For example, cutting 3-in. aluminum using a 1.4-2 tooth pitch would stay within the criteria of having a minimum of three teeth in the material at all times. Based on the cutting characteristics of aluminum, this would typically work well. However, using the same blade to cut a similar-size piece of Inconel 718 would cause premature blade failure due to the teeth being too coarse to engage and pull the necessary chip load. In this case, choosing a 3-

4 tooth pitch would likely be better, as there would be more teeth engaged without concern of loading the gullets, resulting in optimal cutting productivity and maximum blade life.

The Starrett Advanz MC5 and MC7 are good examples of blades that have been specifically designed to cut hard alloys such as Inconel. They are comprised of a multi-chip carbide tooth and a special backing material to make them not only last longer, but also cut faster than standard carbide blades.

Greater understanding

It’s always best to select a blade specifically for the material being cut, but bi-metal blades are available that can handle hard and soft materials. Typically, a high-speed M42 edge provides excellent blade life and the ability to maintain production rates.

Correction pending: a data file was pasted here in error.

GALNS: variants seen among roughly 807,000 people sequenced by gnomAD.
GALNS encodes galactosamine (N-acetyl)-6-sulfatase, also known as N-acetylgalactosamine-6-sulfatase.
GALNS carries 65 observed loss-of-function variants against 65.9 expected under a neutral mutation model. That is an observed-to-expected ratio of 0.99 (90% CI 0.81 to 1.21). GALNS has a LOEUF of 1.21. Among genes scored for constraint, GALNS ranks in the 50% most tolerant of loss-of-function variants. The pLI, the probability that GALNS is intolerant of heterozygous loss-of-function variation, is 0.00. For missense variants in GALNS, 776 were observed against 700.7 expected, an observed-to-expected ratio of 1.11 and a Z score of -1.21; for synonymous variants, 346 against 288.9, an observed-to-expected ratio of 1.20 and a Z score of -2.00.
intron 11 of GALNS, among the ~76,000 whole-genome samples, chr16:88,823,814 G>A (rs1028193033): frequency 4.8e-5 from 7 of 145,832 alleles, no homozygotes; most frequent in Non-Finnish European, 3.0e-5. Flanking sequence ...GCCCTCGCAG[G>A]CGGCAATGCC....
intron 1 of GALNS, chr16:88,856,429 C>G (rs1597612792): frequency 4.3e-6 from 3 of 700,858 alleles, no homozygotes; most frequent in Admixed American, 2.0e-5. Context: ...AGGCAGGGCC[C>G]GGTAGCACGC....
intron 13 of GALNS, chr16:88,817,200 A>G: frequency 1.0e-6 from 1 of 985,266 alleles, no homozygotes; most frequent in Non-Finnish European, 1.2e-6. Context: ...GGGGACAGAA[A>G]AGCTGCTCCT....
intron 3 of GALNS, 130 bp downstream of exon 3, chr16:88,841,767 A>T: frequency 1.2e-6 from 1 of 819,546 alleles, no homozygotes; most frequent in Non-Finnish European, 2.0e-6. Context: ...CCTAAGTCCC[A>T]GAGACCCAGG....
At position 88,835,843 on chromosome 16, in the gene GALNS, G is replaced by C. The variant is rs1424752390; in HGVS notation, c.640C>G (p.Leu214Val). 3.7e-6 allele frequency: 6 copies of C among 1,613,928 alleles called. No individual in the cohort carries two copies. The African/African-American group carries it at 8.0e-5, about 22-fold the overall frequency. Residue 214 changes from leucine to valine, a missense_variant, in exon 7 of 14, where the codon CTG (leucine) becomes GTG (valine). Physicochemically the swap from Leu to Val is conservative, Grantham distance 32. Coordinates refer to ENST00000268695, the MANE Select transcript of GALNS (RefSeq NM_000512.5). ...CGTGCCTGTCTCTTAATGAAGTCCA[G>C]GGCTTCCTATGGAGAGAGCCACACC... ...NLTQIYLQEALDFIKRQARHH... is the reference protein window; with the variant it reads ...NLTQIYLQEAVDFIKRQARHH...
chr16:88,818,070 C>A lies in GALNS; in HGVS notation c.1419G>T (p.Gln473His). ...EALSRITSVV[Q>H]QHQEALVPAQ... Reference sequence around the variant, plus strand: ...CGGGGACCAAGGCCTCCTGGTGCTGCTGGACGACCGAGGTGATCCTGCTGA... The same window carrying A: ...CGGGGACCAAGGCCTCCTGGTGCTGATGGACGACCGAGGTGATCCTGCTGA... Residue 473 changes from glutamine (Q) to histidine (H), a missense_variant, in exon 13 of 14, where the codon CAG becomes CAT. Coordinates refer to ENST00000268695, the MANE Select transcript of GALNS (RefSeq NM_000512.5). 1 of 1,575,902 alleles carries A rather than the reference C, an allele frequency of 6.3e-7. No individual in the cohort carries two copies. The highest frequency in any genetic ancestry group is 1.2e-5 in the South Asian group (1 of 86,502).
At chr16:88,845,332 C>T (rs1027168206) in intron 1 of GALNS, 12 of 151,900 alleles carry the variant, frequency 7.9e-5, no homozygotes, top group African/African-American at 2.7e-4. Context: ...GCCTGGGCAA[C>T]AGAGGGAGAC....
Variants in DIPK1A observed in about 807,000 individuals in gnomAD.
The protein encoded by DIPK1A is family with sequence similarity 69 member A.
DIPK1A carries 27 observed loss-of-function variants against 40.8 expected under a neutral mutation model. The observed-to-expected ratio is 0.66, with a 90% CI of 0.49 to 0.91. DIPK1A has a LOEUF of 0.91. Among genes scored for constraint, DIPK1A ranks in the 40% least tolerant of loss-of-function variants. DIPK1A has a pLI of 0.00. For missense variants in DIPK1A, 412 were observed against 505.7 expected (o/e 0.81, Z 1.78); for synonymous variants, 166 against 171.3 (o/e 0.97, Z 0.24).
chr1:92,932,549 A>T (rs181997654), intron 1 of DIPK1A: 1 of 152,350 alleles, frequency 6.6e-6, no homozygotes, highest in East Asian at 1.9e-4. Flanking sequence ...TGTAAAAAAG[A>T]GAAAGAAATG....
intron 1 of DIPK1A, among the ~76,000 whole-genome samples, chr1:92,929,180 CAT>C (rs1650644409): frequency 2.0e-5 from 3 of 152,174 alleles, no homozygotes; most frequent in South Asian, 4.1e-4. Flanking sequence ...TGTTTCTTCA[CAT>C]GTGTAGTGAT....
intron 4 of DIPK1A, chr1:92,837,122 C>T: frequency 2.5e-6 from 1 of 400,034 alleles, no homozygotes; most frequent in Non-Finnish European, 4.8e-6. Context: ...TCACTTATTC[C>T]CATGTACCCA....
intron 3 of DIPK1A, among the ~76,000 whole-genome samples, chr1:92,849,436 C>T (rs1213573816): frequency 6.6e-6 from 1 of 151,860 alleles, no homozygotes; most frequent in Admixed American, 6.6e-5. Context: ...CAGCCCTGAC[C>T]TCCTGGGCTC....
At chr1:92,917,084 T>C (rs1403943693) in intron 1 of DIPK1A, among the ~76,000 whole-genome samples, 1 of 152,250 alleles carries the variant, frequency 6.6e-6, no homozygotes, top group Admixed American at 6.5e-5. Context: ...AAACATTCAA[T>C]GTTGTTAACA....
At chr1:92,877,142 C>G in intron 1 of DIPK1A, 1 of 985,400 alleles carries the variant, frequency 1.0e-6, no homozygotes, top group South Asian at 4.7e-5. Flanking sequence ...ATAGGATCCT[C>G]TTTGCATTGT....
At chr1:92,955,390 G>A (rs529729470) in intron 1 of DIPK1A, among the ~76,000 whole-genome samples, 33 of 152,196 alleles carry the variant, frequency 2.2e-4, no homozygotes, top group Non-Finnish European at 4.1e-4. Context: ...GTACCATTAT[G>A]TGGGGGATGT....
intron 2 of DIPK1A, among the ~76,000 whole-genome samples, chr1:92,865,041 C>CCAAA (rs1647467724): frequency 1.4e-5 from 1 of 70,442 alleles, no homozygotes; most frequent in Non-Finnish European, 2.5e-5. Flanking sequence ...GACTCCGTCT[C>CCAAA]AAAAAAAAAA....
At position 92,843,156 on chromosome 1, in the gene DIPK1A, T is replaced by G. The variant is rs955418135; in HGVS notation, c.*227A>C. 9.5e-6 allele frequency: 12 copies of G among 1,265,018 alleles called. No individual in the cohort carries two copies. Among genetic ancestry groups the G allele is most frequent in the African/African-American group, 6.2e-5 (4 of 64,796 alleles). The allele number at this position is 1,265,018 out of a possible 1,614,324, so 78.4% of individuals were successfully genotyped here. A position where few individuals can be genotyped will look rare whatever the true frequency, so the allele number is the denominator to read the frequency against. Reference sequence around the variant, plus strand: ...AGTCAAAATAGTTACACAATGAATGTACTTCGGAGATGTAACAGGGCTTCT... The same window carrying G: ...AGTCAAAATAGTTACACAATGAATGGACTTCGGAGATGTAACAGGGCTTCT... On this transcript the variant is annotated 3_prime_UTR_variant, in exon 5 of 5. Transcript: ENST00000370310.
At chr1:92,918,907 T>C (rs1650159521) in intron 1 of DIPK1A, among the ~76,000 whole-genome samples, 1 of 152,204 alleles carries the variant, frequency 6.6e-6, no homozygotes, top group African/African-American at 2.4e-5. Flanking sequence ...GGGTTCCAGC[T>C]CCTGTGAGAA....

Starrett Intenss bi-metal blades are an affordable, multi-purpose blade. Featuring a patented process called bi-metal unique technology, the blade provides 170 percent more weld contact with its teeth

However, in many cases, tooth pitch is the deciding factor more so than the type of blade (bi-metal, carbide, etc.). As indicated earlier, tooth pitch is critical because too many teeth engaged in the material at one time can cause loading and poor blade life. Too few teeth typically causes strippage to the teeth.

As a rule of thumb, soft materials require faster blade speeds while hard materials require slower blade speeds. Soft materials allow for higher feed rates while using less feed pressure and hard materials require more feed pressure and lower feed rate.

Starrett Versatix MP bi-metal bandsaw blades have a special tooth geometry developed for cutting structural materials.